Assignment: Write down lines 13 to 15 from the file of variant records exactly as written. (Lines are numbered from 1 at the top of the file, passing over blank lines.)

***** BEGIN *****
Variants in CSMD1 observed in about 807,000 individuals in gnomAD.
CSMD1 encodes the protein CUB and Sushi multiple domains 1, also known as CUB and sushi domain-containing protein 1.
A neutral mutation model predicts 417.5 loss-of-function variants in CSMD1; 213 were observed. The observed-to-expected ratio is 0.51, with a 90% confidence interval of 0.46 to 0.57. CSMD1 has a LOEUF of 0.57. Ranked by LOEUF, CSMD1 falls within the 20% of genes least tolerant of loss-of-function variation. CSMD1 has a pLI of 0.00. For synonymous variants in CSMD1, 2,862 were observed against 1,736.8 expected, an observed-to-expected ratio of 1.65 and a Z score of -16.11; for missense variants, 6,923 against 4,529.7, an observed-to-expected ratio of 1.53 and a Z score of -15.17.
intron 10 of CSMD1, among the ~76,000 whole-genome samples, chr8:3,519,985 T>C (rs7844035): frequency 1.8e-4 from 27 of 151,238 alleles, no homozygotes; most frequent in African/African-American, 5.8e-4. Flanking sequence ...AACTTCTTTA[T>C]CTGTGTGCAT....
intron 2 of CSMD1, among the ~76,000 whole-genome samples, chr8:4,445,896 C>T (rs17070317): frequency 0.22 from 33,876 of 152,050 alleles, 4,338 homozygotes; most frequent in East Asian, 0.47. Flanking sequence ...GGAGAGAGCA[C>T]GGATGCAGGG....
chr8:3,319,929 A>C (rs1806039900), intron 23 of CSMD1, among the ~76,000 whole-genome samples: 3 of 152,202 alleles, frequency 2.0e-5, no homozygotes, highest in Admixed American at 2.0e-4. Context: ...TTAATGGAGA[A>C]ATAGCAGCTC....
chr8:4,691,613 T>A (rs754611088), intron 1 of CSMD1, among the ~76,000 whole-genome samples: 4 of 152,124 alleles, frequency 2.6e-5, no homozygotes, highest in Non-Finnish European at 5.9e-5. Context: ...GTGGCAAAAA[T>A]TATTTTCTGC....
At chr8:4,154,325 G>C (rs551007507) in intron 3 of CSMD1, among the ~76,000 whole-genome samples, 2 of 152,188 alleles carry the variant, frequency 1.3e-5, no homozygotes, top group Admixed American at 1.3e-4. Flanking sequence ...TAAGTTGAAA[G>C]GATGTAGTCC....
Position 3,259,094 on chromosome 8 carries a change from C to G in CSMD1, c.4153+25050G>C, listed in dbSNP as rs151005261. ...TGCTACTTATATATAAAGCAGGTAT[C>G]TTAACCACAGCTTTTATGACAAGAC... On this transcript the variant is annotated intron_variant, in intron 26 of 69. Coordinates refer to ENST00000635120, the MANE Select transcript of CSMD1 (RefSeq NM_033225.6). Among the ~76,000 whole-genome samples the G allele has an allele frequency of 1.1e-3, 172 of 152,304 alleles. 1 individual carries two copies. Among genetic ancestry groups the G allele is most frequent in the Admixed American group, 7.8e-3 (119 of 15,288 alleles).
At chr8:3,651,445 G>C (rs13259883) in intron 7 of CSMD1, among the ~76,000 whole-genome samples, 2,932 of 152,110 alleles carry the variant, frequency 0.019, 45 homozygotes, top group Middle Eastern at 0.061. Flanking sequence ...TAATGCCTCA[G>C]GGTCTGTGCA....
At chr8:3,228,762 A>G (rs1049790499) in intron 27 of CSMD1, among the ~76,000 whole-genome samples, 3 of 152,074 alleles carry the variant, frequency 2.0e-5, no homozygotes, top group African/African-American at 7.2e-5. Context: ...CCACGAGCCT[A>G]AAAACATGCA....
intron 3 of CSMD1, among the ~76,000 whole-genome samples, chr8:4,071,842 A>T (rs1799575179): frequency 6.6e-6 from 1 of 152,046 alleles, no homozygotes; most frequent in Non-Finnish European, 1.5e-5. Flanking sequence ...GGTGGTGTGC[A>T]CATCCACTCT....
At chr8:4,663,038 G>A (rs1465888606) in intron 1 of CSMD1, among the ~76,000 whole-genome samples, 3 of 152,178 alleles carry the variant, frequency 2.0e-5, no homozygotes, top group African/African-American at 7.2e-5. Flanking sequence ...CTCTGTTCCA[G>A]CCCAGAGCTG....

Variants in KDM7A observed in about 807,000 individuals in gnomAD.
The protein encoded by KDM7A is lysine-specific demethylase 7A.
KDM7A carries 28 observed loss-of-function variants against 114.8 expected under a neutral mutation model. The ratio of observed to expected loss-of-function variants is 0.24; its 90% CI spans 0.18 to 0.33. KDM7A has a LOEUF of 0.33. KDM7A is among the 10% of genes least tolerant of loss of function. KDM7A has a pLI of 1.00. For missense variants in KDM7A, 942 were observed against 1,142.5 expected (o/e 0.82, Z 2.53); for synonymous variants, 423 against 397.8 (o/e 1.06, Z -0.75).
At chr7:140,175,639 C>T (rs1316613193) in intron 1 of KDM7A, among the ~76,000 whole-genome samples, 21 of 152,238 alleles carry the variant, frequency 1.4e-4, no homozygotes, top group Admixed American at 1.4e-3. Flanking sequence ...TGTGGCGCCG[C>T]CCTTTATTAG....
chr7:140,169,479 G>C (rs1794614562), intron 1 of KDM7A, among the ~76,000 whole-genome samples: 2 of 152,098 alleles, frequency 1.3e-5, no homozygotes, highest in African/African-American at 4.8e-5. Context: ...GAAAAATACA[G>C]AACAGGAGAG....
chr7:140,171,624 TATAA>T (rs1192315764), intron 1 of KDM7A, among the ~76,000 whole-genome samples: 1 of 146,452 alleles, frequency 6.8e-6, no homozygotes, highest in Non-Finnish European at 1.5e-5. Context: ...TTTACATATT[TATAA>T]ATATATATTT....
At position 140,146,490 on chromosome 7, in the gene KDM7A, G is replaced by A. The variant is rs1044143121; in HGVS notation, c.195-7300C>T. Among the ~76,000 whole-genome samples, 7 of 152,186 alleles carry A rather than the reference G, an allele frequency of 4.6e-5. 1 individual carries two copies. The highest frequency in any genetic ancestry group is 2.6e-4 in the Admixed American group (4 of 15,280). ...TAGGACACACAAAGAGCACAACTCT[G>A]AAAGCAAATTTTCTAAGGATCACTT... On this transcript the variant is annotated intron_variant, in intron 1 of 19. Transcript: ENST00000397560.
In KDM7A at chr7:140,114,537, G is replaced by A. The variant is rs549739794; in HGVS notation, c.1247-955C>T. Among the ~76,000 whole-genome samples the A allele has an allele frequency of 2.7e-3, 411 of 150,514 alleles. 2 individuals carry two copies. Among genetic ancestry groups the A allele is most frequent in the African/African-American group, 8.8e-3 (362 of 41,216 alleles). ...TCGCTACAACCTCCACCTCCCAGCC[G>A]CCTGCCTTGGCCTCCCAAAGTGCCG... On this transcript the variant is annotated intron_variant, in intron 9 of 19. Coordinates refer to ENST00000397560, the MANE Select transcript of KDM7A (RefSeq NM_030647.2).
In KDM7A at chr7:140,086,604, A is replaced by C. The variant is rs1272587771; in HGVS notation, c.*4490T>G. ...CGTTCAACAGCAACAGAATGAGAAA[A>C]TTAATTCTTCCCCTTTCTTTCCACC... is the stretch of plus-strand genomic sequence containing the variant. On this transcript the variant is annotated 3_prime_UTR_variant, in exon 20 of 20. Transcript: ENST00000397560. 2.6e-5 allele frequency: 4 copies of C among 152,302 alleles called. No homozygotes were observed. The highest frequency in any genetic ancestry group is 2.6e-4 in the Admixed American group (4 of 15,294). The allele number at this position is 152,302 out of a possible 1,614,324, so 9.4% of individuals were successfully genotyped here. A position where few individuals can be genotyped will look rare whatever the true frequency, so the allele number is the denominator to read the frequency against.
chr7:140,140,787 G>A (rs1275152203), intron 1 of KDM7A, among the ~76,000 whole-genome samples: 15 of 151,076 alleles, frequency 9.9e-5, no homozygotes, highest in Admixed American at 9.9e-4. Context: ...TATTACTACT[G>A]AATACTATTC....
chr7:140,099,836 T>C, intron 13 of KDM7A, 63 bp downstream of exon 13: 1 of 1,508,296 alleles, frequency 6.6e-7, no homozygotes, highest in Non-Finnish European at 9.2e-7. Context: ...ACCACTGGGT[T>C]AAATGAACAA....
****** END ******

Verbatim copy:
At chr8:4,663,038 G>A (rs1465888606) in intron 1 of CSMD1, among the ~76,000 whole-genome samples, 3 of 152,178 alleles carry the variant, frequency 2.0e-5, no homozygotes, top group African/African-American at 7.2e-5. Flanking sequence ...CTCTGTTCCA[G>A]CCCAGAGCTG....

Variants in KDM7A observed in about 807,000 individuals in gnomAD.
The protein encoded by KDM7A is lysine-specific demethylase 7A.